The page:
Netflix has shown (through an exclusive of ‘Entertainment Weekly’) the first images of its series based on ‘Masters of the Universe’, the mythical toy franchise of the eighties that has survived until today thanks to the inexhaustible nostalgia for that decade. Although more limp than its neighbors on the shelves, the Ninja Turtles (also with a future movie distributed by Netflix in the pipeline), and although far from the times of mainstream glory, its halo of popularity has not been completely extinguished.
Perhaps it is the iconic nature of their characters and how absolutely massified they were in the eighties thanks to the dozens of action figures that made up their catalog and the omnipresence of the Filmation TV series. Perhaps it is because the Cannon film, after years of ignonimy, is experiencing a fair revaluation as a cult film. Perhaps it is because the re-release of the classic dolls in packaging that imitates the classic cartons and affordable prices has rescued them from oblivion.
One way or another, the Netflix animated series written by Kevin Smith that will arrive next July 23 is arousing considerable expectation, and not for less after the success, also on Netflix, of the great ‘She-Ra and the Princesses of Power’. But unlike that one (and another He-Man series in the pipeline, computer-animated and aimed at the younger set), this new ‘Masters of the Universe: Revelation’ from Kevin Smith is designed with fans of the 1980s series in mind.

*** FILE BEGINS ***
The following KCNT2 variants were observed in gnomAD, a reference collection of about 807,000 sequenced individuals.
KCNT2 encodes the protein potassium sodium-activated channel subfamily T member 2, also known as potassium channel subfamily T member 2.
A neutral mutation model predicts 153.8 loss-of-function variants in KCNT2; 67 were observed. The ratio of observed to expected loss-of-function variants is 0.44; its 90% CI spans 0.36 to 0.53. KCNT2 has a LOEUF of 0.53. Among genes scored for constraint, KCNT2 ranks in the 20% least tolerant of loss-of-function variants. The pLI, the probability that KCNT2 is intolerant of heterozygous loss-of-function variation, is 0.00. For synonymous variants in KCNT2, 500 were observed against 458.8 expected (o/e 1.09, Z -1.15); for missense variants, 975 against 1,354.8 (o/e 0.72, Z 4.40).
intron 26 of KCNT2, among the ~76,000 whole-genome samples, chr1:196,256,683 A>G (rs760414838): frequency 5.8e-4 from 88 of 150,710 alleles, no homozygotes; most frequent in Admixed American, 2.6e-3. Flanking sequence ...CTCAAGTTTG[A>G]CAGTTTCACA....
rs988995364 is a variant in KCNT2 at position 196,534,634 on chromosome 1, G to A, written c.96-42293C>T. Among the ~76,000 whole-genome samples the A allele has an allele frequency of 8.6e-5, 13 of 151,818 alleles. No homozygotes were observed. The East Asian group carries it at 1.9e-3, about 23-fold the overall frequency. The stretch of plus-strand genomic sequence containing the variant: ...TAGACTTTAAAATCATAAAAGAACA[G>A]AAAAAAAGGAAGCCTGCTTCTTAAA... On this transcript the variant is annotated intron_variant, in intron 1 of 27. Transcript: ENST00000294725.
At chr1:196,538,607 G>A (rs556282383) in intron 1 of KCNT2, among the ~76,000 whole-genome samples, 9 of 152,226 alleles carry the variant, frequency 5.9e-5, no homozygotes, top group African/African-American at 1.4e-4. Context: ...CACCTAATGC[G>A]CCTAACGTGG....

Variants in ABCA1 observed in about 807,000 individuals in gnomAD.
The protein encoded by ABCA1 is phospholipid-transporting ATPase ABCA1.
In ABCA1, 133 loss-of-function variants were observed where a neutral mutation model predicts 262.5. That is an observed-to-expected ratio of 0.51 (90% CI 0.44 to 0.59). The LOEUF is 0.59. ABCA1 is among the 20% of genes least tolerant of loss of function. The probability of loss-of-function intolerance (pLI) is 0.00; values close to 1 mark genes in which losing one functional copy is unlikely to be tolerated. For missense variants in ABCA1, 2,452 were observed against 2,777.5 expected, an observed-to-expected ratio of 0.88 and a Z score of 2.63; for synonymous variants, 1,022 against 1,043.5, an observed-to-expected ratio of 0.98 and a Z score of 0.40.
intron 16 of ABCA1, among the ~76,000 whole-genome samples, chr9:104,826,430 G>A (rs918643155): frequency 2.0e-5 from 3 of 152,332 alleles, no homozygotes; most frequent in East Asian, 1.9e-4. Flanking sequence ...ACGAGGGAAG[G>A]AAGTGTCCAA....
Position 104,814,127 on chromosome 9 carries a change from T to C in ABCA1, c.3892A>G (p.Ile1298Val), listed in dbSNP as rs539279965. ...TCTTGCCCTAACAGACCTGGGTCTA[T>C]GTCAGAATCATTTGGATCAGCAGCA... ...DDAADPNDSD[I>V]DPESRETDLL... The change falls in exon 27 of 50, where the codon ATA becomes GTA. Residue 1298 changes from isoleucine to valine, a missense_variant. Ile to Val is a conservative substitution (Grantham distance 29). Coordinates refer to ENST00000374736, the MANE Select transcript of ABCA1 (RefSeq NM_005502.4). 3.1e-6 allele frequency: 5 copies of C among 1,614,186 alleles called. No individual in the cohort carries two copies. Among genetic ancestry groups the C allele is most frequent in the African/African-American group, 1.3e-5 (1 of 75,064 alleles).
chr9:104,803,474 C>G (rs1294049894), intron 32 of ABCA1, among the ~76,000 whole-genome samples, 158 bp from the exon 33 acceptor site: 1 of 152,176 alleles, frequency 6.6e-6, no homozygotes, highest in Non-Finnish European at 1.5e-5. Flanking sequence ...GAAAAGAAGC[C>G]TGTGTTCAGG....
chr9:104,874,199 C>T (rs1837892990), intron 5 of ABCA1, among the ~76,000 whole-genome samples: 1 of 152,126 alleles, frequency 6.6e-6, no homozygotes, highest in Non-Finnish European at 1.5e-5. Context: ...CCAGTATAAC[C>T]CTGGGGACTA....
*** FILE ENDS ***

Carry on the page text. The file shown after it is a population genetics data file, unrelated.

The images and Kevin Smith’s statements make Netflix’s position clear: nostalgia is a very delicate thing (the reactions of the most fundamentalist fans to the riskiness of the design of the wonderful new ‘Thundercats’ series is good proof of this), but also very profitable. Powerhouse Animation (‘Castlevania’) have been in charge of reformulating designs and plots, looking for a balance between memories and novelty.
The series will be divided into two parts of five episodes each and Smith is not the only big name that has participated in the series: Mark Hamill voices Skeletor, Lena Headey (‘Game of Thrones’) is Evil-Lyn, Sarah-Michelle Gellar is Teela, Alicia Silverstone is Queen Marlena, and Kevin Conroy, the usual voice of Batman, is Merman. A veritable star-studded catalog that largely respects classic designs and storyline (Prince Adam becomes the heroic He-Man when he carries the Sword of Power and bellows that “I have the power”).
The series will pick up where the original ended (technically it’s a sequel to that one), and it knows what keys to play. For example, virtually every creature from the original toy line’s catalog of hyper-muscled enemies will have their place: Man-At-Arms, Orko, Trap Jaw, Tri-Klops (voiced by Henry Rollins!), the Sorceress, Stinkor, Scare Glow, Beast Man and many others. Some of them have been adapted to the new times, but in general the respect to the original designs is considerable, with an air more than close to a previous reboot: the modernization that the characters experienced in 2002.